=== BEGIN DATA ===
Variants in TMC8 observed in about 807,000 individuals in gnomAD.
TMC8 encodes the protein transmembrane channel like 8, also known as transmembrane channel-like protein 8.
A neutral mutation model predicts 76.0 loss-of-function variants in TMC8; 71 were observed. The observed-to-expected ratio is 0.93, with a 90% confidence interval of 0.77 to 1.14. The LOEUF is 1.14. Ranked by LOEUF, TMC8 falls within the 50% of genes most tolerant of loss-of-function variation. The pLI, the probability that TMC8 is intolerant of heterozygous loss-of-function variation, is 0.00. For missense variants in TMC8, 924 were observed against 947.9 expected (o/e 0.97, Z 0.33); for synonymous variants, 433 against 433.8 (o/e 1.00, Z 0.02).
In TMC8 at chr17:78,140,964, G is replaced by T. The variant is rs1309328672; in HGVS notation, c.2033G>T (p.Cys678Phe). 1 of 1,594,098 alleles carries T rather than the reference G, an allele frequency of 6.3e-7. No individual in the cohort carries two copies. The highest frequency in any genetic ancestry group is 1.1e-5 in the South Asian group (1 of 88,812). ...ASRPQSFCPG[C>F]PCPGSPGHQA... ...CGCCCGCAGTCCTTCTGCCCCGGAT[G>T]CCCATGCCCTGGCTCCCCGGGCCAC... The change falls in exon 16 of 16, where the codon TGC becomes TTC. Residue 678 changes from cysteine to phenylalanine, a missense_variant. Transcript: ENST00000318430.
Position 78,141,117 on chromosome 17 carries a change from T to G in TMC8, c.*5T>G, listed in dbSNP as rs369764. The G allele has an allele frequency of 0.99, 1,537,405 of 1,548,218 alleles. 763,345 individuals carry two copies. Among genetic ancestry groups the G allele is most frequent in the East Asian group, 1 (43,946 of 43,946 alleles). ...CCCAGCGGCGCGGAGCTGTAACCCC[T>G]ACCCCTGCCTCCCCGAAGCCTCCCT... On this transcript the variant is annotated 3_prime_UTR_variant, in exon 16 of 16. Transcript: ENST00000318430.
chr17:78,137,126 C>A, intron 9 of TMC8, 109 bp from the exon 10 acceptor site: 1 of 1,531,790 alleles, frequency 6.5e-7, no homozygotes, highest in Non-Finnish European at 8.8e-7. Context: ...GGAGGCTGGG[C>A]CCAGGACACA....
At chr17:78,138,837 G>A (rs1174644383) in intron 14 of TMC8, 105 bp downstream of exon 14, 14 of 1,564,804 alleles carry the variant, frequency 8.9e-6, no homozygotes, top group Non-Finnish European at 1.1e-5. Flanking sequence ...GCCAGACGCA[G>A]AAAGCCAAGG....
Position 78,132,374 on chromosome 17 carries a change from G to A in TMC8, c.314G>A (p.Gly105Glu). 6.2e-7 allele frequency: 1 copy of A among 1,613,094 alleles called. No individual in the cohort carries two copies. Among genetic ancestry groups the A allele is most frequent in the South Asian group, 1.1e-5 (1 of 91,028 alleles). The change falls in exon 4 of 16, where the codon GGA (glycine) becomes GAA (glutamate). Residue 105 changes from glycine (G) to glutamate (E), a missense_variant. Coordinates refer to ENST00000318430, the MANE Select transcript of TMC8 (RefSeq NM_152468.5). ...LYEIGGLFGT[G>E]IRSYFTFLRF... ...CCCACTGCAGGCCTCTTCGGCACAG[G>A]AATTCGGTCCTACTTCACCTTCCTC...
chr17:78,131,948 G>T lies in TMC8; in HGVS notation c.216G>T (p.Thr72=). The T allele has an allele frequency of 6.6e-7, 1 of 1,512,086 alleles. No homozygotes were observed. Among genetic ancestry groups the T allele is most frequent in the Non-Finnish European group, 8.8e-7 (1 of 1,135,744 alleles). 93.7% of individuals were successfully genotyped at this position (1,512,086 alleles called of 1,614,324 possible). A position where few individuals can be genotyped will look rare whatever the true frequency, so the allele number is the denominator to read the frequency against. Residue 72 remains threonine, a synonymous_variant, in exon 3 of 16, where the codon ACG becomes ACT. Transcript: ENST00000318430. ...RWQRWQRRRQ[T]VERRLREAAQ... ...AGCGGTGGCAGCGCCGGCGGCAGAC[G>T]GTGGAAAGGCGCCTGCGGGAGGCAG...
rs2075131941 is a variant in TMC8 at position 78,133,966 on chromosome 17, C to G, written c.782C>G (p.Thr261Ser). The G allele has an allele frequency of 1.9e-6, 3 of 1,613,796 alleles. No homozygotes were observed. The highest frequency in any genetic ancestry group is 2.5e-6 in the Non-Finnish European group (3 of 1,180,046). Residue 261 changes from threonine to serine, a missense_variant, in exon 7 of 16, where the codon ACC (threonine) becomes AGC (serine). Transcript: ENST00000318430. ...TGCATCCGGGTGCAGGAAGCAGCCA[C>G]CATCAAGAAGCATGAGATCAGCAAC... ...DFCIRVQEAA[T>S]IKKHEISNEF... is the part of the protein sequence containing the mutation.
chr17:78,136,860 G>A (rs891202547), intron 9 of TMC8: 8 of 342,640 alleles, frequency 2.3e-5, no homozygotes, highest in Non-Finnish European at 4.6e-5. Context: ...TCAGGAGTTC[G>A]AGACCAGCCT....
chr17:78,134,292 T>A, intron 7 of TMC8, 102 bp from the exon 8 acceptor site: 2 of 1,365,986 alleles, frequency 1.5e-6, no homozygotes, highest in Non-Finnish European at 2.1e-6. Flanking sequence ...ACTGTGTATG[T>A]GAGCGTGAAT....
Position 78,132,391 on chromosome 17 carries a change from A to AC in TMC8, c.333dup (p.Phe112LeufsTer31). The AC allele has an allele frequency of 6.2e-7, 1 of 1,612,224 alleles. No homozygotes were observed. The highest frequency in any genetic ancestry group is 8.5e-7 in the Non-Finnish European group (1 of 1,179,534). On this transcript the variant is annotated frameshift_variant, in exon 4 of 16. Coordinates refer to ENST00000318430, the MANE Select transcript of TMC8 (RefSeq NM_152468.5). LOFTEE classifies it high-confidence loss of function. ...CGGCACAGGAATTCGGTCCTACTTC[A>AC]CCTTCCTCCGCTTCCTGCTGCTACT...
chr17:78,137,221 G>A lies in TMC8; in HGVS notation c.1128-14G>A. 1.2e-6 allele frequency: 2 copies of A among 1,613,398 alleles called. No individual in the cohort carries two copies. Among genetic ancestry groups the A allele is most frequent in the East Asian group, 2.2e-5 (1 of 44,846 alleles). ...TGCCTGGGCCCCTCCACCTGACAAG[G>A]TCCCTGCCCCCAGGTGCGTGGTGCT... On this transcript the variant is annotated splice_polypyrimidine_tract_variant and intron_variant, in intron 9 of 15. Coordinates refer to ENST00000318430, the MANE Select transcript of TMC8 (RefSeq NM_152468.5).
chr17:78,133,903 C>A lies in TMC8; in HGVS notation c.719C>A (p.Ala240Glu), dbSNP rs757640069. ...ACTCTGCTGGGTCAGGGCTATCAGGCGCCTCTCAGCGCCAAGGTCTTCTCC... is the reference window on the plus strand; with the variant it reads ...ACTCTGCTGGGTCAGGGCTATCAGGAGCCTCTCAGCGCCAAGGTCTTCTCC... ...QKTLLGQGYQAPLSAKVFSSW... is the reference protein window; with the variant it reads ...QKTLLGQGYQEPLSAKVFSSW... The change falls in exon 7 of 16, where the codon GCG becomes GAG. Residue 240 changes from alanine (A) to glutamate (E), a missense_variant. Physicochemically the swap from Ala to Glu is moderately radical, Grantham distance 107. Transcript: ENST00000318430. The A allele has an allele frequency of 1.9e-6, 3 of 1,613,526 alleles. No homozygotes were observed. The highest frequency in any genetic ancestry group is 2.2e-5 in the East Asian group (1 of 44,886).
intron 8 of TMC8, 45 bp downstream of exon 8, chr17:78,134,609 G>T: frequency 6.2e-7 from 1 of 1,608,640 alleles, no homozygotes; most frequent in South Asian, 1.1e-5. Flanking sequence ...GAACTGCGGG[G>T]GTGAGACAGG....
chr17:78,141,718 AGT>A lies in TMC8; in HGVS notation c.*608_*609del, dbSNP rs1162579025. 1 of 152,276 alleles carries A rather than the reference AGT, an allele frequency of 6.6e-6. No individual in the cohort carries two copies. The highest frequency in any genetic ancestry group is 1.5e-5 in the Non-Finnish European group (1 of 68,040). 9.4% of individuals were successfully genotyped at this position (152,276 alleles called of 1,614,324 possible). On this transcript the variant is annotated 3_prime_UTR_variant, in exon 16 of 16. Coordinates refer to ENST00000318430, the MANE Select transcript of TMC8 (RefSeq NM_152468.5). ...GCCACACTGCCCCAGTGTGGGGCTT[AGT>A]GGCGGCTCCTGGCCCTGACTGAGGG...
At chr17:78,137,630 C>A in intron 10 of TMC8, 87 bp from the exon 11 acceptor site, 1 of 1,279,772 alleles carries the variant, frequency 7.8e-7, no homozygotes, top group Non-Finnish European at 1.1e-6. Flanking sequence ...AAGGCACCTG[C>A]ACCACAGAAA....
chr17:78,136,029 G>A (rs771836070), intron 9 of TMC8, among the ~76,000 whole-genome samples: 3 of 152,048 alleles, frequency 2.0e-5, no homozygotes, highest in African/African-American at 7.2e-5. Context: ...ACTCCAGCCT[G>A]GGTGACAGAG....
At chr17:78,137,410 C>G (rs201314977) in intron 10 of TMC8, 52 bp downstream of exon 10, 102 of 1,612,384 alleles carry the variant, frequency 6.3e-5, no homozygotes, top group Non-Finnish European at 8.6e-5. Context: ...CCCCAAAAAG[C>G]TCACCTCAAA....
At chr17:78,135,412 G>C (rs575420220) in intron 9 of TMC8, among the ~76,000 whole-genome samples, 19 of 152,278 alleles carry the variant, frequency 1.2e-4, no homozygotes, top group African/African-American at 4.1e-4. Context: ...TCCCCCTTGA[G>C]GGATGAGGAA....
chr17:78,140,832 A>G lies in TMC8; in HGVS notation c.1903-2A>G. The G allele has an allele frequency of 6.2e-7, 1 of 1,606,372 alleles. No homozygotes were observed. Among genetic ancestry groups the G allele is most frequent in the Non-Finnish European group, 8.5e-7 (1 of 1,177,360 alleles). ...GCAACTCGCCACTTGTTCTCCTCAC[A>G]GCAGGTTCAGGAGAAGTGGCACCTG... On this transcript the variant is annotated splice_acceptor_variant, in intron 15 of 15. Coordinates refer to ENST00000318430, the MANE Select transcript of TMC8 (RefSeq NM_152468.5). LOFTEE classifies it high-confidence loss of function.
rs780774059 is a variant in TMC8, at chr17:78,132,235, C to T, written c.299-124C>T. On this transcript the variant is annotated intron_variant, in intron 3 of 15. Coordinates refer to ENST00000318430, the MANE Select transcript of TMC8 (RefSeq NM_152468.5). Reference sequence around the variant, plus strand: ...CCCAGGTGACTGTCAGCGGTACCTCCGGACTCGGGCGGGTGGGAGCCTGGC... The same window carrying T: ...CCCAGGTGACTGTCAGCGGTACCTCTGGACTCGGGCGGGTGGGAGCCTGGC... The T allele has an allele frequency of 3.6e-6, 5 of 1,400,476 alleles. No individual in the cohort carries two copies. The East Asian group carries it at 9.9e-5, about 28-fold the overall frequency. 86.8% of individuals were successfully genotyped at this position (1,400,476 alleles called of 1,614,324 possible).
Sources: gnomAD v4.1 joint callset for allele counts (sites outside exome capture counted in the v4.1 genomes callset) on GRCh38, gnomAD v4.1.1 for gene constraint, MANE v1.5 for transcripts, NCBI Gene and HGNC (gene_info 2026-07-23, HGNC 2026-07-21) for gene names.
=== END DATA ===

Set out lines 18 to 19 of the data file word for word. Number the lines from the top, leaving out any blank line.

At chr17:78,137,630 C>A in intron 10 of TMC8, 87 bp from the exon 11 acceptor site, 1 of 1,279,772 alleles carries the variant, frequency 7.8e-7, no homozygotes, top group Non-Finnish European at 1.1e-6. Flanking sequence ...AAGGCACCTG[C>A]ACCACAGAAA....
chr17:78,136,029 G>A (rs771836070), intron 9 of TMC8, among the ~76,000 whole-genome samples: 3 of 152,048 alleles, frequency 2.0e-5, no homozygotes, highest in African/African-American at 7.2e-5. Context: ...ACTCCAGCCT[G>A]GGTGACAGAG....